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Nixon’s Limo Makes Its Final Stop at Museum

SPECIAL TO THE TIMES

It’s been all over the world--32 countries, to be exact--shuttling American presidents and foreign dignitaries to and from historic meetings. And though it has been retired from service for nearly 20 years, President Richard Nixon’s limousine made one final journey here Monday.

Accompanied by a roaring police detail and a pair of blue-suited Secret Service agents perched on the rear bumper, the 1967 Lincoln Continental was delivered to the steps of the Richard Nixon Library & Birthplace.

Not that this car, equal parts tank and sedan, needs that much protection.

With more than 4,000 pounds of armor plating, bulletproof glass and a bubble top thicker than the protective cockpit of an F-16 fighter, it was at the time one of the safest vehicles ever built--and the most expensive.

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It cost the Ford Motor Co. an estimated $500,000 to build the car. The company leased it to the White House for $1 a year.

Dozens of presidential history buffs and some car lovers endured blazing midday heat Monday for the chance to peek at the interior or sit in the seats that carried Nixon and three other presidents to important destinations.

The limousine was originally designed for Nixon’s predecessor, Lyndon B. Johnson, whose preferred mode of transportation was a Continental sedan. He liked white convertibles, but concerns for protocol and safety dictated that this car would be a black hardtop.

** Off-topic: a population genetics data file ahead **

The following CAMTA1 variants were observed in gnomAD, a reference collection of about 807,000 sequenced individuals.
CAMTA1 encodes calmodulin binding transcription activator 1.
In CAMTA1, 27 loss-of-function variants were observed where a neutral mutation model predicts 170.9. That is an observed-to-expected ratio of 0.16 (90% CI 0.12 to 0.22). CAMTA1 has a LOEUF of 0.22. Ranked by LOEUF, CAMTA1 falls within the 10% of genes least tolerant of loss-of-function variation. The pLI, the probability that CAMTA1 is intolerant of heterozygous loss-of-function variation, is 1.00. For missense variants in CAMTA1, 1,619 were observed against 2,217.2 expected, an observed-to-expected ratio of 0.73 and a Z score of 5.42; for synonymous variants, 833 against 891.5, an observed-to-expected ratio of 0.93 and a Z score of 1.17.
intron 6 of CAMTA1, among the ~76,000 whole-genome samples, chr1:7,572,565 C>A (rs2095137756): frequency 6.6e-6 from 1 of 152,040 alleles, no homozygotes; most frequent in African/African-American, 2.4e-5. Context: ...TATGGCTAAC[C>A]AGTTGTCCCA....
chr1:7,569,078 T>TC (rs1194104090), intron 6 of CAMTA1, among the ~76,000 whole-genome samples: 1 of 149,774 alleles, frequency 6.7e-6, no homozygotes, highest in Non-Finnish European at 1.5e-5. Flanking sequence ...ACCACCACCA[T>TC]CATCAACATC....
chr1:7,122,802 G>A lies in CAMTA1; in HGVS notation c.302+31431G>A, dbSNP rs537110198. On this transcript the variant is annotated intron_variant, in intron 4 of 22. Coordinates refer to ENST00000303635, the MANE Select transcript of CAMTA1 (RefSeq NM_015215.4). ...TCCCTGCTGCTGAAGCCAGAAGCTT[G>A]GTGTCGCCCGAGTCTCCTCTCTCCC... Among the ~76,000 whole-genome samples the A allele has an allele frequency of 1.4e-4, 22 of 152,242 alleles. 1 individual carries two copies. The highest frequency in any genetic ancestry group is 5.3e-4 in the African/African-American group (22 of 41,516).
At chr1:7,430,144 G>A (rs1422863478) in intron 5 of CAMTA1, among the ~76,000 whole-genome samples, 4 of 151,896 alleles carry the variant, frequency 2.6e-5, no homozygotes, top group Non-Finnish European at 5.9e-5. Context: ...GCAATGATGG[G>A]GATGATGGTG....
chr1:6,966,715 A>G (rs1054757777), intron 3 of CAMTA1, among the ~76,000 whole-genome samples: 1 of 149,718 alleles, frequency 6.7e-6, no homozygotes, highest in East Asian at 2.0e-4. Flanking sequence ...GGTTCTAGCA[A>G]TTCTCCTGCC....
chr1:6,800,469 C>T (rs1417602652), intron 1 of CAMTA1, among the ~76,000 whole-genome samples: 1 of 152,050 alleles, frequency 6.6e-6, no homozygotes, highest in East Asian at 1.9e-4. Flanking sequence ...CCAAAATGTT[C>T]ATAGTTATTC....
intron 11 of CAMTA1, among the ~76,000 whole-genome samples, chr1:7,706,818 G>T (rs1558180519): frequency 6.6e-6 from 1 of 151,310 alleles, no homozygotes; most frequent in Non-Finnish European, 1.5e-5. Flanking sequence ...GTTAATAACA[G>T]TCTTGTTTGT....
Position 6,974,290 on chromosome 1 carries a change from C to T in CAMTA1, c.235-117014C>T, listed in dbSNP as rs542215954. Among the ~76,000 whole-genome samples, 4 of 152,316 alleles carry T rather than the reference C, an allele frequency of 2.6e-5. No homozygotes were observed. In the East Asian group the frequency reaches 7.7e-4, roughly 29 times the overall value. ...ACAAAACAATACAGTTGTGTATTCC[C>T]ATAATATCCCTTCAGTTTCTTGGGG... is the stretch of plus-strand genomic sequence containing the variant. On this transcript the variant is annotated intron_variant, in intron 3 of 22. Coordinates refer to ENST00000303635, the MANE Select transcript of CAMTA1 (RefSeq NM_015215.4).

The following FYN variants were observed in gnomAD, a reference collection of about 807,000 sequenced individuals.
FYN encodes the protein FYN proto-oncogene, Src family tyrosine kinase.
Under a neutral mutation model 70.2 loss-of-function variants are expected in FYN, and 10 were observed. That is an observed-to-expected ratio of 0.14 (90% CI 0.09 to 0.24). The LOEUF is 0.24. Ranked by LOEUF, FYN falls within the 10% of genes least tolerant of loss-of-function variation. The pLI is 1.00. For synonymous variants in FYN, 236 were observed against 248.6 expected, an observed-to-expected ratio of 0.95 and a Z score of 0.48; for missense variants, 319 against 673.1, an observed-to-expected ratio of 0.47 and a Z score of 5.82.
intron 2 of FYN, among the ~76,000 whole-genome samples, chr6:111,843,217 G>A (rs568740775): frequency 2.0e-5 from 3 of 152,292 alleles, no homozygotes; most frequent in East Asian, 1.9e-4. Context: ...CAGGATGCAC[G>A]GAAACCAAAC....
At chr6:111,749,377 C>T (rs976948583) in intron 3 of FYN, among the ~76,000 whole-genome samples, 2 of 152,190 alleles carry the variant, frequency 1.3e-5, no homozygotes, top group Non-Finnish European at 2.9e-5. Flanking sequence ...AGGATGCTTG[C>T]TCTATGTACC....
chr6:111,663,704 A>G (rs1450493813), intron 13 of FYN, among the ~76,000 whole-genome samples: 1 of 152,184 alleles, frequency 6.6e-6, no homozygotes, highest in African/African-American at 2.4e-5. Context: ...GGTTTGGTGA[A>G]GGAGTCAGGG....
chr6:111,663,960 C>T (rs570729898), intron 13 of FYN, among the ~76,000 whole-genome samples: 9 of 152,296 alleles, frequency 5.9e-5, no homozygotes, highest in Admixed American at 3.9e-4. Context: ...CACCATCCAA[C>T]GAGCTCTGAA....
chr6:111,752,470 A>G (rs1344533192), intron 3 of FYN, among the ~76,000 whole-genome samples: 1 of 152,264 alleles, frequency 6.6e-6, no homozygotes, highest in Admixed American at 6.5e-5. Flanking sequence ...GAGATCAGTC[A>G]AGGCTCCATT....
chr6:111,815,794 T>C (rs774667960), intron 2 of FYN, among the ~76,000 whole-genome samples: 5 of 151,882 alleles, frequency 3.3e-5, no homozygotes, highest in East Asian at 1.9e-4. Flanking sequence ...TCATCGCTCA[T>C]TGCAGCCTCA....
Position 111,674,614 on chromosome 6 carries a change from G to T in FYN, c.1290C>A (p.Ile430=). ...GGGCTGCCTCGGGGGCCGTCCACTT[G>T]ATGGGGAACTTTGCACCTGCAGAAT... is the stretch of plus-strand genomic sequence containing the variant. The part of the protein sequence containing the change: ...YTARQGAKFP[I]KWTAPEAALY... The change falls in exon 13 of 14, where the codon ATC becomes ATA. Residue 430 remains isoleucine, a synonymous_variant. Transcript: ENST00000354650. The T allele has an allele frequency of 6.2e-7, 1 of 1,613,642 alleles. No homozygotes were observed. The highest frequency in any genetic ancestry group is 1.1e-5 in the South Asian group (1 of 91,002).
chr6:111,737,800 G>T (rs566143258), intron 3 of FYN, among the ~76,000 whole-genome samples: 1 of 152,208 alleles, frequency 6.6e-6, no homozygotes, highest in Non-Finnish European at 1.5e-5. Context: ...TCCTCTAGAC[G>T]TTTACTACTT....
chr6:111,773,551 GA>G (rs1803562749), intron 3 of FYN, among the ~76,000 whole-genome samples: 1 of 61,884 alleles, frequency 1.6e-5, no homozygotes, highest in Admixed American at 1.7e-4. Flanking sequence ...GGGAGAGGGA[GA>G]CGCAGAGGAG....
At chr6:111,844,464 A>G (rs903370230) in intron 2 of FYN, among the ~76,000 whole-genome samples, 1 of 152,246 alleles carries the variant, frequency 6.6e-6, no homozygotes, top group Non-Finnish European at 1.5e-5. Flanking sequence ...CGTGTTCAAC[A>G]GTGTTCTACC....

Nixon inherited the car when he was inaugurated in 1969. It was passed on to presidents Gerald R. Ford and Jimmy Carter, who used it for quick trips around the nation’s capital and state visits to destinations abroad.

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Ford Motor Co. restored the limo to its original splendor earlier this year and decided to donate it to the Nixon Library because the 37th president took it with him on some of his most historic journeys, including his first trip to China and several trips to the Soviet Union. The vehicle will remain on display in a garden next to Nixon’s boyhood home until a permanent, indoor location at the Nixon Library is chosen.

With security concerns heightened in the aftermath of President John F. Kennedy’s assassination, the limousine was built to be the ultimate getaway car.

Outfitted with a 340-horsepower V-8 engine, it can travel 100 mph despite weighing a hefty 11,000 pounds.

Special steel discs inside the tires will allow the car to travel 50 miles per hour even if all four tires are flattened by gunfire.

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“It has no weapons so it can’t shoot back,” one Ford executive said. “But it can certainly get away.”


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